AKA: United States Federal Court, Courthouse #2, Downtown, Seattle, WA; US Federal Courthouse #2, Downtown, Seattle, WA

Structure Type: built works - public buildings - courthouses

Designers: Absher Construction Company (firm); CBG Consulting Engineers (firm); Erection Company, Incorporated (firm); Jones, J.A., Construction Company, Incorporated (firm); Magnusson Klemencic Associates (MKA) Structural + Civil Engineers (firm); Naramore, Bain, Brady, and Johanson, (NBBJ) (firm); Skilling Ward Magnusson Barkshire, (SWMB), Incorporated, Engineers (firm); Sparling Electrical Engineering (firm); Daniel Absher (building contractor); William James Bain Jr. (architect); William James Bain Sr. (architect); Arthur J. Barkshire (structural engineer); Clifton J. Brady (architect); Douglas Brown (structural engineer); Brian Dickson (civil engineer); James R. Duncan (electrical engineer); Perry Bertil Johanson (architect); Adam Jones (building contractor); J. A. Jones (building contractor); Ronald Klemencic (structural engineer); Jon Magnusson (structural engineer); Steven McConnell (architect); Floyd Archibald Naramore (architect); John Bower Skilling (structural engineer); James Tully (architect); William D. Ward (structural engineer)

Dates: constructed 2004

23 stories, total floor area: 615,000 sq. ft.

700 Stewart Street
Seattle, WA 98101-1271

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Steven McConnell, served as a Lead Principal for the architects, NBBJ. Brian Dickson worked as the Project Manager for the structural engineers, Skilling Ward Magnusson Barkshire (SWMB).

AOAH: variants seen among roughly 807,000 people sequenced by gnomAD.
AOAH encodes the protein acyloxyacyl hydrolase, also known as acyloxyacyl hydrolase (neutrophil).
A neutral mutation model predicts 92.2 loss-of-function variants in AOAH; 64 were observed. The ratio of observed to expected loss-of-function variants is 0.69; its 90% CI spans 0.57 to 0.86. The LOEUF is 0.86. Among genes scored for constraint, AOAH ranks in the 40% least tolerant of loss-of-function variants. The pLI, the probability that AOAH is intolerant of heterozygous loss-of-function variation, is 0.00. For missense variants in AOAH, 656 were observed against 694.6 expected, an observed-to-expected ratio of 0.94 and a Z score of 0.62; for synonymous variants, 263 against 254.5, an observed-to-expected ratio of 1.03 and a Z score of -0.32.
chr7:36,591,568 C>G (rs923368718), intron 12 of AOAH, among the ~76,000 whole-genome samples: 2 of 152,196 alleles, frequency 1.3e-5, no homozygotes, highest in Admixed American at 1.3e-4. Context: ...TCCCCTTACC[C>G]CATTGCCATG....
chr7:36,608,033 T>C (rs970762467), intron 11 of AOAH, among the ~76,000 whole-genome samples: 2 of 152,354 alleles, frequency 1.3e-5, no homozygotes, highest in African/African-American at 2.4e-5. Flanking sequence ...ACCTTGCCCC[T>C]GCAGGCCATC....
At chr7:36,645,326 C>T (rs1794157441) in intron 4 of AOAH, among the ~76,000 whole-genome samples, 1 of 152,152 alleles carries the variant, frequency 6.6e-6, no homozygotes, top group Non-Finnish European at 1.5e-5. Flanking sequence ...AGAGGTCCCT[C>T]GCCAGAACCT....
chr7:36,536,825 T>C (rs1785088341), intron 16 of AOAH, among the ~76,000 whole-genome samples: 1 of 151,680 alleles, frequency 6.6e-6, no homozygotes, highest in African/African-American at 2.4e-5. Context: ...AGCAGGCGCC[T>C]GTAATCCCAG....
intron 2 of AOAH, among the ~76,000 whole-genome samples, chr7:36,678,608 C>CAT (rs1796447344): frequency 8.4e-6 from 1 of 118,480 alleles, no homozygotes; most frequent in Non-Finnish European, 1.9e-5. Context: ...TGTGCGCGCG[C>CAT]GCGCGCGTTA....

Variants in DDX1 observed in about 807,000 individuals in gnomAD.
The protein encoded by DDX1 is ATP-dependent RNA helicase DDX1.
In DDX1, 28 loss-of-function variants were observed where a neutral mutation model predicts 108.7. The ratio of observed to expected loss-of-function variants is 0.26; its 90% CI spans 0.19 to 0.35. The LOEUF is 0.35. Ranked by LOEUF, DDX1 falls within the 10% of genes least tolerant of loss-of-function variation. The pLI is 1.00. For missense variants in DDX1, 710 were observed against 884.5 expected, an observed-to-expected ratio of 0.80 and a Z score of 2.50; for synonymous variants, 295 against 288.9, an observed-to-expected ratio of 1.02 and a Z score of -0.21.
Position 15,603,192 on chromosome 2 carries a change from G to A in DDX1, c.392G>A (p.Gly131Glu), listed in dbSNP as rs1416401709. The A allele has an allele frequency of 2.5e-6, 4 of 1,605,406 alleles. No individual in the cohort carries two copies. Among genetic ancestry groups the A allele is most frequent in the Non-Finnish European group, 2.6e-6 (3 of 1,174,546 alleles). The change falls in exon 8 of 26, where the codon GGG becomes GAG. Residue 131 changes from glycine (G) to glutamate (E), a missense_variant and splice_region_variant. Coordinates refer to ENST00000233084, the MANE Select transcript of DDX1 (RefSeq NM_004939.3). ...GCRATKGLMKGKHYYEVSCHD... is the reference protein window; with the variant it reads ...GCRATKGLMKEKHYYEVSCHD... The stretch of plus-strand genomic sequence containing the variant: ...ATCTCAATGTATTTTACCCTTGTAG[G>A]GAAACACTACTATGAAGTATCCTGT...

The United States Courthouse #2, Seattle, WA consisted of a 23-story building (390 feet high) and a connected 17-story tower set on a 2.7-acre site; the interior contained 615,000 square feet to accommodate the U.S. District Court for the Western District of the State of Washington and other U.S. Federal security and administrative agencies; due to its unusual redundant support system, the building cost a substantial $156 million; in addition to the standard steel frame, the engineers, Skilling, Ward, Magnusson, Barkshire (later known as Magnusson Klemencic Associates) designed an integrated system of cables that could support the courthouse in case of an explosion or other destructive event; Absher Construction Company associated with J.A. Jones of Charlotte, NC, on the design of acted as General Contractors; Jim Duncan of Sparling Electrical Engineering undertook the electrical engineering; CBG Consulting Engineering worked on the mechanical engineering of the courthouse; BRC Acoustics and Technology Consulting worked on the building's acoustics and mechanical noise control for courtrooms, jury deliberation rooms, and U.S. Marshal interview spaces; this building won a 2004 GSA Design Awards for Architecture and Interior Design and Construction Excellence; Peter Walker and Partners handled the landscape architecture, including a sculpture located in front called "Pillar Arc"; Designers located sod and other plants on the roof; this green roof was designed to use rainwater and inhibit it from overloading the city's sewer system; the budget was $215 million. Steven McConnell, was the Project Architect for NBBJ, Seattle.

PCAD id: 3309